Of God and His Creatures

I have been at considerable pains to explain and vindicate this argument in my Ethics and Natural Law, pp. 13-21. The alternative to the acceptance of it is the view of Professor Stewart, -- and, no doubt, of Aristotle: -- "The theôrêtikos bios is an ideal: it cannot be realised by man, for he is concrete. But the effort to realise it, so far as possible, is all important in human life. The effort to realise it co-ordinates man's powers, it gives him élan, and carries him on to the attainment of many things within his reach, which he would not otherwise aspire to" (Stewart's Notes on Nicomachean Ethics, II, 448). Is man then a lusus naturae, who wins an insufficient pittance in repeated doles by ever asking for more? Is this what Ecclesiastes xii calls all man? We have then the fourth petition of the Lord's Prayer granted to the rejection of the second, which scarcely looks like the fulfilment of the third. We have daily bread, but no kingdom come. We have the race progressing indefinitely, but all individual progress ending at no long time in a plunge into nothingness. Is not the case the same with all other animal life and with the whole vegetable world? To be sure it is, but man alone knows it, and his knowledge is his misfortune.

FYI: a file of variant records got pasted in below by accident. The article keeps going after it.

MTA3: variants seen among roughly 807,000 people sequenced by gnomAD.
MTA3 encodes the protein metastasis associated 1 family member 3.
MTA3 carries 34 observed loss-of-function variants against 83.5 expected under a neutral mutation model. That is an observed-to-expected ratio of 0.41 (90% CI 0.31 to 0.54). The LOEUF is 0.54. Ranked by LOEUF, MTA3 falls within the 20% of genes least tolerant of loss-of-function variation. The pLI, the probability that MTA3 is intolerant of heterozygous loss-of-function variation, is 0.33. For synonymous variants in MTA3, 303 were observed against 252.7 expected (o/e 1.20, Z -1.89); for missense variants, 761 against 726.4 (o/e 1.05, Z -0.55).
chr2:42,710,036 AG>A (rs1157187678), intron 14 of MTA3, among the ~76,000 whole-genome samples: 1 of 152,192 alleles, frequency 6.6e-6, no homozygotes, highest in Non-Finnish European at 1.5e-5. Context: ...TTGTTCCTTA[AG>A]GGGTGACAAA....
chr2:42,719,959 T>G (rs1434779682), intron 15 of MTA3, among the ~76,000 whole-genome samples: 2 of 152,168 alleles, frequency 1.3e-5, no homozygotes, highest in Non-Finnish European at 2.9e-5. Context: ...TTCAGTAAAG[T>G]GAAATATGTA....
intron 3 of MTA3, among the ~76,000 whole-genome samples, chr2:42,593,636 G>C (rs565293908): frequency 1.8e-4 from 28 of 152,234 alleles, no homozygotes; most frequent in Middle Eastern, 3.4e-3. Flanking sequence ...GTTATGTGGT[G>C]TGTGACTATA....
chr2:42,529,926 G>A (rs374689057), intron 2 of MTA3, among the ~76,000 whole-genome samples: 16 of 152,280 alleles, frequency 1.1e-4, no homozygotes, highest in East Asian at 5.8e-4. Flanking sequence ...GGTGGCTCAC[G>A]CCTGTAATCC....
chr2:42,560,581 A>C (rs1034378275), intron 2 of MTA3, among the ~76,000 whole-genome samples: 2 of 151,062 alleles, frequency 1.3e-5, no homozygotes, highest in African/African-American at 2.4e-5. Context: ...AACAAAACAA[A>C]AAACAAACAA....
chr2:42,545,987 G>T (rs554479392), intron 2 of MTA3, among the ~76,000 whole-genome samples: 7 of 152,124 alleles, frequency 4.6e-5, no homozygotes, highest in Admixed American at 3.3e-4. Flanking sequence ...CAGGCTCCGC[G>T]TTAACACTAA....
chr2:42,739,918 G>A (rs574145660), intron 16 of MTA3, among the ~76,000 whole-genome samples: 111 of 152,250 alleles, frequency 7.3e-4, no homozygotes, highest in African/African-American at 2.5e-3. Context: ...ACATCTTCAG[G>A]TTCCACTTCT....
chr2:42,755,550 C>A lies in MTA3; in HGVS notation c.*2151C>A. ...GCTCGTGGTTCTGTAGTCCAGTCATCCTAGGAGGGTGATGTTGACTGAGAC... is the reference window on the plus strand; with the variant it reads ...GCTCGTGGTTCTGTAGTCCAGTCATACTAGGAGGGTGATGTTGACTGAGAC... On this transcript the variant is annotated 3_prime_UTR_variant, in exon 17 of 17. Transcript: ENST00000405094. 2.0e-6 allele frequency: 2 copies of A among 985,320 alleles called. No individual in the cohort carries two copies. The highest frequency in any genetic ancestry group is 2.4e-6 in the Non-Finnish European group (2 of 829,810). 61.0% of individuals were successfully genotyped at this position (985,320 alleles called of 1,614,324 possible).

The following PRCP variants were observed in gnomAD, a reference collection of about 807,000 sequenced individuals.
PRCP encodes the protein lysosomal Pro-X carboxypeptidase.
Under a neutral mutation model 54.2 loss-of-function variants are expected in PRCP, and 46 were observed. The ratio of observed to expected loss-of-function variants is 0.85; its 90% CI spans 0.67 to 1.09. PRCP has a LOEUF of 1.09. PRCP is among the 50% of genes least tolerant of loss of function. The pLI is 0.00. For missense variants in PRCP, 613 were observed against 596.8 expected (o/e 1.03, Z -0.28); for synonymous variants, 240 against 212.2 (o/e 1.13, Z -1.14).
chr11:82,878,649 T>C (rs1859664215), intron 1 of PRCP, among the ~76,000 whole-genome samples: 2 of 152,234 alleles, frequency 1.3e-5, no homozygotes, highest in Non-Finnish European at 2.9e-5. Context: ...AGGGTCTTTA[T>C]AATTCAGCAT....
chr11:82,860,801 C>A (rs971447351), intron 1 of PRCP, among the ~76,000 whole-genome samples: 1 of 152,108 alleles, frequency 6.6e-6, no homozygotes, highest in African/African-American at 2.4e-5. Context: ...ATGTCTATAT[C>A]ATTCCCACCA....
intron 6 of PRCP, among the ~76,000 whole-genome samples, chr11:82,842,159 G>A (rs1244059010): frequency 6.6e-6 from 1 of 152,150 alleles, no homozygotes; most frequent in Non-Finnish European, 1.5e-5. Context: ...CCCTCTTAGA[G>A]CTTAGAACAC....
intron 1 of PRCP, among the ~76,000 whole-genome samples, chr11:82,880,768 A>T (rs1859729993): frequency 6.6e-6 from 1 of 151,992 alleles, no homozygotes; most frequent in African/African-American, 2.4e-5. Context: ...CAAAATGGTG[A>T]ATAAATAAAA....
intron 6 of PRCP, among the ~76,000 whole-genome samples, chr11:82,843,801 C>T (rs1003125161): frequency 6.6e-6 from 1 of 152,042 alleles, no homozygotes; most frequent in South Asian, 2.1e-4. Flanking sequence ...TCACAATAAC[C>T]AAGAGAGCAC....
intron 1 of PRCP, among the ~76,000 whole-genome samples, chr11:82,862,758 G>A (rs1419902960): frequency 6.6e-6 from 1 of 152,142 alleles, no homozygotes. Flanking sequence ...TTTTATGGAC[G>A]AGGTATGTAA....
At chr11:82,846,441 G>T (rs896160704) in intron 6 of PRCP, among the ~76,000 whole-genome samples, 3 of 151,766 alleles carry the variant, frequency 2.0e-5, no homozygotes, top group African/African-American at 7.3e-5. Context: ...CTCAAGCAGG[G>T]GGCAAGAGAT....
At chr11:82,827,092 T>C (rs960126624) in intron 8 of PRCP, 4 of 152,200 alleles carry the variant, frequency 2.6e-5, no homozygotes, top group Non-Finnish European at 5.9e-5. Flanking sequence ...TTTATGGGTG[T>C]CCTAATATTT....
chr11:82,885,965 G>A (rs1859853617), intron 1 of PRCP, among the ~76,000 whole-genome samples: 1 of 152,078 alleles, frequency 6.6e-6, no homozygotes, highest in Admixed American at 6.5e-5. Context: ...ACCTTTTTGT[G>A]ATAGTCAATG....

Of God and His Creatures: 3.48